LOS ANGELES--(BUSINESS WIRE)--Seven California colleges and universities have been selected to receive grants to fund proposals to develop new water conservation and supply technologies in support of a more sustainable water future, as part of the 2018 Southern California World Water Forum.
From a project that contemplates using dew to irrigate urban gardens to another that will consider a new way to desalinate ocean water, the grant recipients propose and explore innovative ways to provide safe water to communities in California and around the world.
“Our California colleges and universities are fertile ground to develop the next generation of sustainable technologies,” said Jeffrey Kightlinger, general manager of the Metropolitan Water District of Southern California, one of the World Water Forum co-sponsors. “These ideas help ensure water reliability not only in local communities, where they are greatly needed, but also across the globe.”
In addition to Metropolitan, the forum is co-sponsored by the U.S. Bureau of Reclamation, the Sanitation Districts of Los Angeles County, Friends of the United Nations and Water For People.
The program awards grants of $10,000 to college teams to research, develop and communicate water-use efficiency or local supply technologies and strategies that can be employed cost-effectively in water-stressed regions, locally, regionally or internationally. Through the program, grant winners must design a project or prototype that will contribute to a more sustainable water future, including developing a business plan and providing evidence it could become fully sustainable.
This year’s recipients include Saddleback College researchers who will explore the possibility of using dew and fog to irrigate urban farms and landscapes by installing and studying a dew and fog catchment system at a Laguna Beach park.
Another proposal from University of California at Davis researchers will further develop and test a solar-powered water treatment system that could be used in rural, underserved communities. The system is hyper-localized – treating water either as it enters homes or as it leaves faucets – allowing for the particular contaminants of individual communities to be addressed.
The World Water Forum grant program was founded in 2006, following the United Nations declaration of the International Decade of Water to raise awareness about global water issues. Since then, World Water Forum has awarded $800,000 to 32 local colleges and universities on projects to advance a sustainable water future.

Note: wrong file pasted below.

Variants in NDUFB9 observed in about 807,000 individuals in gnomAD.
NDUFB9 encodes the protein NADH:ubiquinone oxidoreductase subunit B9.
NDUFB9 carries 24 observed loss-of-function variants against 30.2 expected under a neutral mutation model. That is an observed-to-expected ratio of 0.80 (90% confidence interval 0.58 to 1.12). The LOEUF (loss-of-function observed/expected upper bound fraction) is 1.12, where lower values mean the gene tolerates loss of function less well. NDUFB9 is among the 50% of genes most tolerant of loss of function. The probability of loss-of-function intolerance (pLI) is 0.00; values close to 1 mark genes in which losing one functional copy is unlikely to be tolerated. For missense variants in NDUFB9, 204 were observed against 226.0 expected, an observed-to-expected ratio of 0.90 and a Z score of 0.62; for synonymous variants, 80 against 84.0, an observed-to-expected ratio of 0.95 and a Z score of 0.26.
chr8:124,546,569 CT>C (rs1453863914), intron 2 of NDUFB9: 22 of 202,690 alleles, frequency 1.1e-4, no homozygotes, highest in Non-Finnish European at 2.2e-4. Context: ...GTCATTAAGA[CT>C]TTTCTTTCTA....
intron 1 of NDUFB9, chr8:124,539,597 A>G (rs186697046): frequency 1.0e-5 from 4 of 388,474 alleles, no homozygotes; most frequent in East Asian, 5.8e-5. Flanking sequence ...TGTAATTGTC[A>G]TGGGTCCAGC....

In addition to developing new water technologies, the grants foster Southern California’s future workforce in engineering, environmental science and water careers.
“World Water Forum inspires students by giving them a direct connection between their class work and the crucial job of ensuring a sustainable water source for the public,” said Benita Horn, who manages the program as part of Metropolitan’s education programs.
This year’s grant recipients also include:
• A San Diego State University project to find a lower cost and less energy-intensive approach to seawater desalination. Researchers will explore using low-grade waste heat to convert seawater to vapor and then condense it to form pure water.
• A Loma Linda University School of Public Health project to reduce contamination in community water wells in Chad.
• A University of California at Los Angeles study on the safety of using treated wastewater to irrigate urban parks, and the impact on antibiotic resistance genes.
• A University of California at Riverside effort to develop a more water-efficient scrubber that reduces ammonia emissions in dairy facilities.
• A University of Southern California project to implement a rainwater harvesting system that will capture, filter and store rainwater for a community in Guatemala.
The next round of World Water Forum grants will open in October 2018. More information is available on Metropolitan’s World Water Forum website.
The Metropolitan Water District of Southern California is a state-established cooperative of 26 cities and water agencies serving nearly 19 million people in six counties. The district imports water from the Colorado River and Northern California to supplement local supplies, and helps its members to develop increased water conservation, recycling, storage and other resource-management programs.